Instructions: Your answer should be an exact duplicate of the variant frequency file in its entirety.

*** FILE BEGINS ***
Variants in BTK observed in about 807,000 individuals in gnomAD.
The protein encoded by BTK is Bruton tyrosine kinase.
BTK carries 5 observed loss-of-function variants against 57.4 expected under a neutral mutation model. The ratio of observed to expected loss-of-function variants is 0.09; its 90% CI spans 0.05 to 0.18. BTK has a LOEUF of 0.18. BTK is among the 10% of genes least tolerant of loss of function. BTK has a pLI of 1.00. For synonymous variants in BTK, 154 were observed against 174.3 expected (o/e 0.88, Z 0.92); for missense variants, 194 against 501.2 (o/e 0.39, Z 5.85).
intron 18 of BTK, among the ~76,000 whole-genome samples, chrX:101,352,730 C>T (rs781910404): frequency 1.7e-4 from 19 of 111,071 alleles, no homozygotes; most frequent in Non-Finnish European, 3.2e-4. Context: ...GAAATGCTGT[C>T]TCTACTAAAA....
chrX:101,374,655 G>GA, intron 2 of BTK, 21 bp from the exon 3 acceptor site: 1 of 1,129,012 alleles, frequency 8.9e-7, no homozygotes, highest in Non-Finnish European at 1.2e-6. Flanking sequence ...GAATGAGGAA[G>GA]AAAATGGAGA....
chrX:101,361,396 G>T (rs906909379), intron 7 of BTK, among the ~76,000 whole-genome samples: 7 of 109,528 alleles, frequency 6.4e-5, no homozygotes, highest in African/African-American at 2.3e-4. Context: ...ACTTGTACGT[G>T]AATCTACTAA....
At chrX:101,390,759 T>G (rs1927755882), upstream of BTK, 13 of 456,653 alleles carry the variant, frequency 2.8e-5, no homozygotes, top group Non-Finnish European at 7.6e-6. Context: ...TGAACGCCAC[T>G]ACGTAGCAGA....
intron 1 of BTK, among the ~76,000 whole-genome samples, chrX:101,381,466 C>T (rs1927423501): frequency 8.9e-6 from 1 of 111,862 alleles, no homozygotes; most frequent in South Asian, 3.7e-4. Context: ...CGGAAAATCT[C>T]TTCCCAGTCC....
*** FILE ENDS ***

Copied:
Variants in BTK observed in about 807,000 individuals in gnomAD.
The protein encoded by BTK is Bruton tyrosine kinase.
BTK carries 5 observed loss-of-function variants against 57.4 expected under a neutral mutation model. The ratio of observed to expected loss-of-function variants is 0.09; its 90% CI spans 0.05 to 0.18. BTK has a LOEUF of 0.18. BTK is among the 10% of genes least tolerant of loss of function. BTK has a pLI of 1.00. For synonymous variants in BTK, 154 were observed against 174.3 expected (o/e 0.88, Z 0.92); for missense variants, 194 against 501.2 (o/e 0.39, Z 5.85).
intron 18 of BTK, among the ~76,000 whole-genome samples, chrX:101,352,730 C>T (rs781910404): frequency 1.7e-4 from 19 of 111,071 alleles, no homozygotes; most frequent in Non-Finnish European, 3.2e-4. Context: ...GAAATGCTGT[C>T]TCTACTAAAA....
chrX:101,374,655 G>GA, intron 2 of BTK, 21 bp from the exon 3 acceptor site: 1 of 1,129,012 alleles, frequency 8.9e-7, no homozygotes, highest in Non-Finnish European at 1.2e-6. Flanking sequence ...GAATGAGGAA[G>GA]AAAATGGAGA....
chrX:101,361,396 G>T (rs906909379), intron 7 of BTK, among the ~76,000 whole-genome samples: 7 of 109,528 alleles, frequency 6.4e-5, no homozygotes, highest in African/African-American at 2.3e-4. Context: ...ACTTGTACGT[G>T]AATCTACTAA....
At chrX:101,390,759 T>G (rs1927755882), upstream of BTK, 13 of 456,653 alleles carry the variant, frequency 2.8e-5, no homozygotes, top group Non-Finnish European at 7.6e-6. Context: ...TGAACGCCAC[T>G]ACGTAGCAGA....
intron 1 of BTK, among the ~76,000 whole-genome samples, chrX:101,381,466 C>T (rs1927423501): frequency 8.9e-6 from 1 of 111,862 alleles, no homozygotes; most frequent in South Asian, 3.7e-4. Context: ...CGGAAAATCT[C>T]TTCCCAGTCC....